The Mango Tree Café is a misnomer. I saw no evidence
of a mango tree, and it is definitely not café food. What I did find was
a cosy restaurant at the Thapae Gate end of Loi Kroh Road, which has two large
TV screens showing silent movies with Buster Keaton and Charlie Chaplin being
the top draw cards. (Let me tell you that this slapstick humour is just as
rib-tickling for Thais as it is for farangs. Madame is still laughing!)
The restaurant is a single shop-house, tending towards even
being called ‘funky’ with art by Alain, the Chiang Mai resident French
painter on the walls. Tiled floors and bright throw-overs on the tables
brighten the place and the atmosphere is cheerful.
The restaurant is under new ownership, but director Philip
Harris is no newcomer to running restaurants, having been the driving force
behind the Bahn Thai restaurant in London for 20 years, voted the best Thai
restaurant outside Thailand by Newsweek and Gourmet magazine. (As an aside, I
realised I had eaten there in 1986!)
Philip, once voted as one of the UK’s most promising new
chefs, has revamped the old Mango Tree menu adding many items and some fusion
cuisine items. It begins with 3 pages of breakfasts, with sets between 95-195
baht, or build it yourself with individual items generally around B. 20-40.
These are followed by a page of coffees and teas and fresh juices.
Next up is a page of snacks and single dishes (B. 150-245)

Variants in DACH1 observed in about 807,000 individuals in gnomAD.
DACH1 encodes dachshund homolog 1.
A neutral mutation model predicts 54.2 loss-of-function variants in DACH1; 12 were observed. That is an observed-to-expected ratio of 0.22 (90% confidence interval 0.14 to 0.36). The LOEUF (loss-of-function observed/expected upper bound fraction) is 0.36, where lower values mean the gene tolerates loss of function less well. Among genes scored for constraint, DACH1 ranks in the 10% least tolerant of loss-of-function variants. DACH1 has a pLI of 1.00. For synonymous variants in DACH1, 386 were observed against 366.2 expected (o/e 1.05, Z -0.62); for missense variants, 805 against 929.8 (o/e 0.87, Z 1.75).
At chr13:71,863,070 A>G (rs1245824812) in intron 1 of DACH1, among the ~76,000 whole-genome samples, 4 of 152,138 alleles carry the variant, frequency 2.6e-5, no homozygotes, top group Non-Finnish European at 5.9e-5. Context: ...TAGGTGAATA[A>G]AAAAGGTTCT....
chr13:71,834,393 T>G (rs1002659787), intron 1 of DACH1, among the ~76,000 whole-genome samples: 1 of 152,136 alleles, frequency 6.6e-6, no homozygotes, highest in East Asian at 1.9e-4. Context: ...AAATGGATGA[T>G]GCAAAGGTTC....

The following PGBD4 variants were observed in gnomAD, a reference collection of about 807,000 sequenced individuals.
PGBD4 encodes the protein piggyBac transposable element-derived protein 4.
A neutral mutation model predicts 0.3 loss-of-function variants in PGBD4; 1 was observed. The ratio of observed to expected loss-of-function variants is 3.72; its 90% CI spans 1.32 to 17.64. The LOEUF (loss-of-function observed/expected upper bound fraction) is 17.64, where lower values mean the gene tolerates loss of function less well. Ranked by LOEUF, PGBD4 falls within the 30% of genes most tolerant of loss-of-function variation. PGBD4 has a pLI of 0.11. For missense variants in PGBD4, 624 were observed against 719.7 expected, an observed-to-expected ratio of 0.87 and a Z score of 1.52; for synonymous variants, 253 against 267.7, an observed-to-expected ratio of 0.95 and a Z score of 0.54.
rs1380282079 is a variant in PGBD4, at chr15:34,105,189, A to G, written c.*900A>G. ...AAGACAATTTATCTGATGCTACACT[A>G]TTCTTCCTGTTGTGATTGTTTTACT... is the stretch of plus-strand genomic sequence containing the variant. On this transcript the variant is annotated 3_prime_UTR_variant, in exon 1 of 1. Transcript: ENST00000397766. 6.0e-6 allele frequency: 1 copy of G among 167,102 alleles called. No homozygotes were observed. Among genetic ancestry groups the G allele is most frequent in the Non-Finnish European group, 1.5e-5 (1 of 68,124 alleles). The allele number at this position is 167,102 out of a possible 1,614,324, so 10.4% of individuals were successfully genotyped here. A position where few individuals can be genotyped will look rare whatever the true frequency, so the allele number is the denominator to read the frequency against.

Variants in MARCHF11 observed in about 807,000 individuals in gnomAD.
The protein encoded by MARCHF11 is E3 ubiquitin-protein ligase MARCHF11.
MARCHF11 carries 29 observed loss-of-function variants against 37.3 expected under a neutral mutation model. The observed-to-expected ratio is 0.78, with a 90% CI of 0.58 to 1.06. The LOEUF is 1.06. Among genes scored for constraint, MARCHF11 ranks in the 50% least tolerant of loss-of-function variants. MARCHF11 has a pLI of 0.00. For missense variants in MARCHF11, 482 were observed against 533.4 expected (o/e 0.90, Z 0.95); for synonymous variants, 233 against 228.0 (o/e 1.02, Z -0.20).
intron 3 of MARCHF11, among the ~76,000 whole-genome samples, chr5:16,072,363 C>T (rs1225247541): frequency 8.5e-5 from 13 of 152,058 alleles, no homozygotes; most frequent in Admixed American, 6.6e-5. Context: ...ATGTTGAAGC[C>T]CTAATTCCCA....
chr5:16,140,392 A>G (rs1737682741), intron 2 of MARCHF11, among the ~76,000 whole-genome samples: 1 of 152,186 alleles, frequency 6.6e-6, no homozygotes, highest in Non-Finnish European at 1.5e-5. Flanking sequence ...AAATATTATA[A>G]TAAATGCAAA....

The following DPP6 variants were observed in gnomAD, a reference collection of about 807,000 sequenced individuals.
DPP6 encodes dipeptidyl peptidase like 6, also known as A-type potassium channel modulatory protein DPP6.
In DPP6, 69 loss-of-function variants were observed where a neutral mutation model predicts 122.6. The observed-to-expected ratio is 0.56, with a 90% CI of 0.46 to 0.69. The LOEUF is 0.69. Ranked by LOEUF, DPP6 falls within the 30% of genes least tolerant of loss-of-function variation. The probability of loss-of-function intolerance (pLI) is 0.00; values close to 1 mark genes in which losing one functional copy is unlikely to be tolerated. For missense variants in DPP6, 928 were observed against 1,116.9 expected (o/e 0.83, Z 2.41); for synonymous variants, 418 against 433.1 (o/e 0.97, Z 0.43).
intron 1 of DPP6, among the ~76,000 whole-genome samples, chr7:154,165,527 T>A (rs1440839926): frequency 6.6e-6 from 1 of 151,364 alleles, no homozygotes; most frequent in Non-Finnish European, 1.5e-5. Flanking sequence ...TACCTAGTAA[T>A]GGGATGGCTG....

with egg mayo sandwiches at the bottom end ranging up to ostrich steak
sandwiches served in Focaccia bread and fries at the top. Soups come next, all
at B. 95 with a warning that they are large servings and, “You are advised
against ordering anything further until you have finished your soup,” says
Two pages of burgers are offered next (B. 100-195)
including veggie-burgers. There are 7 salads at around B 105 with again the
warning to wait before ordering anything else - the servings are generous. The
western menu finishes on the next page with NZ Ling fish (B. 195), NZ mussels
and pies served with mashed potatoes and imported NZ peas (B. 150).
The Thai menu commences with a page explaining the concept
behind the items and then two pages of salads and snacks (B. 95-195). Spicy
soups are next, generally around B. 100 with all the usual favourites and a
few new ones such as seaweed soup.
Two pages of curries around B. 120 are followed by fried
and grilled items (B. 95-245). Rice and Noodles are next (B. 15-135) and then
desserts, beverages and beers (including many imported brands) and wines from
around B. 600 a bottle.
Philip presented us with a selection of his dishes,
including a NZ Ling fish wrapped in pandanus leaves, which was very tasty and
an interesting change from the usual chicken variety of this dish, and then
followed with the spicy salad of smoked salmon. This is a fusion dish with the
imported salmon incorporated in the Thai salad and was just simply
sensational. I could have stopped right there, I didn’t want to lose the
However, Philip was not going to let us stop there. A prawn
satay was next, which was excellent, as was the grilled ostrich steak and
finally the Ling fish fillets with a chilli/garlic woon sen noodle. Again
The Dining Out team walked away from the Mango Tree Café
very impressed. The fusion dish of spicy salad of smoked salmon was
sensational and I have raved about this item to anyone who would stand still
long enough. The surroundings are not noteworthy, but the food most certainly
is. Not cheap, but good value when you look at the size of the servings. Go on
Sundays if you want a large roast (one diner commented, “Do you think I’m
an American?” when he saw the serving), but go at any time for some
excellent and well thought out cuisine. Highly recommended.
Mango Tree Café, 8/2-3 Loi Kroh Road, Chiang Mai, telephone 053 208
292, open daily 7 a.m. to 10.30 p.m.